If you ignore the gearbox/clutch warning light you might find it difficult to shift gears. It may sound like a minor inconvenience, but the problem could prove dangerous in certain driving scenarios, for example, on hill starts.

Minor gearbox problems can be easily fixed but if you put off the warning signs you might need an expensive rebuild or replacement.

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Brake warning light


Also known as the brake system warning light, parking brake warning light or brake fluid warning light.

If this red light remains on after you fully release the parking brake, or comes on when you’re driving, it may indicate that the brake fluid level is low. Unless you know how to check your brake fluid levels yourself, this will be one for the professionals. 

If the ABS warning light is also illuminated this signals that the braking system has malfunctioned and your brakes may not work properly. In this case the Electronic Brake Force Distribution (EBD) warning light may also be illuminated.

Can I still drive with my brake warning light on?

You shouldn't risk it. The brakes are one of the most important safety features of your car, so it’s important to act immediately when you see this red warning light.

Pull over and stop as soon as it’s safe to do so - keep your speed low and avoid braking suddenly. Unless you know how to check your brake fluid levels yourself, this will be one for the professionals, so get yourself to a garage.

Don’t risk driving when your brakes are not functioning properly: call for recovery if you have a breakdown cover policy.

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Engine malfunction indicator


Also known as the check engine or ECU warning light.

When the engine management light is illuminated it’s often accompanied by tell-tale signs that the engine is not working properly, such as a lack of power or stuttering as you press the accelerator.

This light could indicate a number of faults, from minor issues like a broken electrical sensor to a much larger mechanical issue, like a fault with your emission control system or catalytic converter.

How long can I drive with my check engine light on?

If the check engine light comes on you should get it checked as soon as you can, as by continuing to drive you risk causing further, potentially irreparable damage to your engine. 

Use our search tool to find your nearest RAC approved garage. Or, if you have RAC Breakdown Cover, call for recovery.

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Airbag warning light


Also known as the supplemental restraint system (SRS) or safety system warning light.

When this light goes red it means that at least one element of the airbag safety system is not working correctly: either the airbag system itself; the front passenger occupant classification system (which detects the front passenger’s weight and position in order to safely deploy the airbag); or the seat belt pretensioner system, which tightens the belt in the event of a crash.

Can I still drive with my airbag light on?

If the airbag system is not working properly, it may not go off in a crash - or in some cases it could even deploy unexpectedly and cause a crash. Either way, the airbag system is an incredibly important safety feature of your car so if this light comes on please get it checked out immediately.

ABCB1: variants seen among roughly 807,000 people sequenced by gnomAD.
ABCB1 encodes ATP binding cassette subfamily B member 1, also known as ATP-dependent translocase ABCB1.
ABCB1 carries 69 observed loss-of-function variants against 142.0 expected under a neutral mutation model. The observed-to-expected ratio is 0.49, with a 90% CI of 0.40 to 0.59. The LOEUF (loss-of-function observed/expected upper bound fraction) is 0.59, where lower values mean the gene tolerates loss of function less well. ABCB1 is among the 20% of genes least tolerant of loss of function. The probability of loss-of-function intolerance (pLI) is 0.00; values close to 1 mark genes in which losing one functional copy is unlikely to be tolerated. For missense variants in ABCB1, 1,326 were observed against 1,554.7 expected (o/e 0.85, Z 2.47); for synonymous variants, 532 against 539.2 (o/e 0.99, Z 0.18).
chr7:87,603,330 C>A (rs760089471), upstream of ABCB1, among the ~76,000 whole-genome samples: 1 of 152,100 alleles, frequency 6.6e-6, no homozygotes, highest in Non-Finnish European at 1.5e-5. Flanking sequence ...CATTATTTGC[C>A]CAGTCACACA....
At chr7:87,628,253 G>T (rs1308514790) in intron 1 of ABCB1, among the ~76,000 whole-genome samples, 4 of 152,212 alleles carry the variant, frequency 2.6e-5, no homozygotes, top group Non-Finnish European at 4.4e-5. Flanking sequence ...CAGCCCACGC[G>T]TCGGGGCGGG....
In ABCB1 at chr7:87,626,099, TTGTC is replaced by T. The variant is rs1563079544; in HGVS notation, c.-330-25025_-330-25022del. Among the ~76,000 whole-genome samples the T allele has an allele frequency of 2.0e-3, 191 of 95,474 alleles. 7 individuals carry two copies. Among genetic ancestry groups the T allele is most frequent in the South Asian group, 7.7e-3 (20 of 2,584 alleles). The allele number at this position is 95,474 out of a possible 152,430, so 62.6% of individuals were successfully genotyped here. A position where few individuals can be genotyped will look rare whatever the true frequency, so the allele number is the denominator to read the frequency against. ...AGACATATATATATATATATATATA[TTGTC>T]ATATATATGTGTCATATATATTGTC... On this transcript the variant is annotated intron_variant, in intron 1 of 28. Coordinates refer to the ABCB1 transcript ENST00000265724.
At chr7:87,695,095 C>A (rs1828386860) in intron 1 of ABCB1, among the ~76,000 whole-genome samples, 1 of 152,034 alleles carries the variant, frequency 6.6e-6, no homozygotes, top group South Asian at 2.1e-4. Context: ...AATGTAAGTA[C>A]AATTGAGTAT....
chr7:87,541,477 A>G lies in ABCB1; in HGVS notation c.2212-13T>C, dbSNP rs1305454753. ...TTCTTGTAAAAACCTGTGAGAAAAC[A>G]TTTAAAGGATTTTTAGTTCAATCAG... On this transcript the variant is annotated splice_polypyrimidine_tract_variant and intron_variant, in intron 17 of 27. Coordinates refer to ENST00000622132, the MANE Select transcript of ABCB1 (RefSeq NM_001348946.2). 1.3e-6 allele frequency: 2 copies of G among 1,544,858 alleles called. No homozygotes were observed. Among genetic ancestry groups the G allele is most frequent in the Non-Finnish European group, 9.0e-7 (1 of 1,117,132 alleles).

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Power steering warning light


Also known as the EPS (Electric Power Steering) warning light

This warning light indicates that there’s a problem with the power steering and on Audi dashboards, it sometimes appears without an exclamation mark.

For electric powered systems, this problem could be as simple to fix as rebooting a computer. Find a safe place to stop and try turning the car off and back on again after 30 seconds. If the light stays on you should take your car to get checked as soon as possible.

Can I drive with my EPS light on?

You can but if the power steering system fails you will notice that the car is harder to manoeuvre and you should take extra care – it could be dangerous to drive at high motorway speeds without power steering assistance.

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Diesel particulate filter warning light


Also known as the DPF or exhaust particulate filter warning light.

If you have a diesel, one of these lights will come on if there is a problem with the exhaust particulate filter, which removes harmful soot from the exhaust gases to reduce emissions. It could indicate that the filter has become blocked with soot.

Can I still drive with my DPF light on?

As well as releasing a plume of toxic black smoke every time you press the accelerator, driving with a blocked filter could cause more serious damage to your car. You should go to a garage to get it checked as soon as you can, as these filters can be expensive to replace. 

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Coolant warning light


Also known as the engine temperature warning light.

This light will come on when the engine is overheating. This could mean that coolant levels are running low, perhaps due to a leak in the system, or it could be a sign of a larger problem, like a head gasket failure.

Can I still drive with my engine overheating light on?

If this light is red you should stop straight away, as without enough coolant your engine could get so hot that it effectively welds itself together, causing irreparable damage.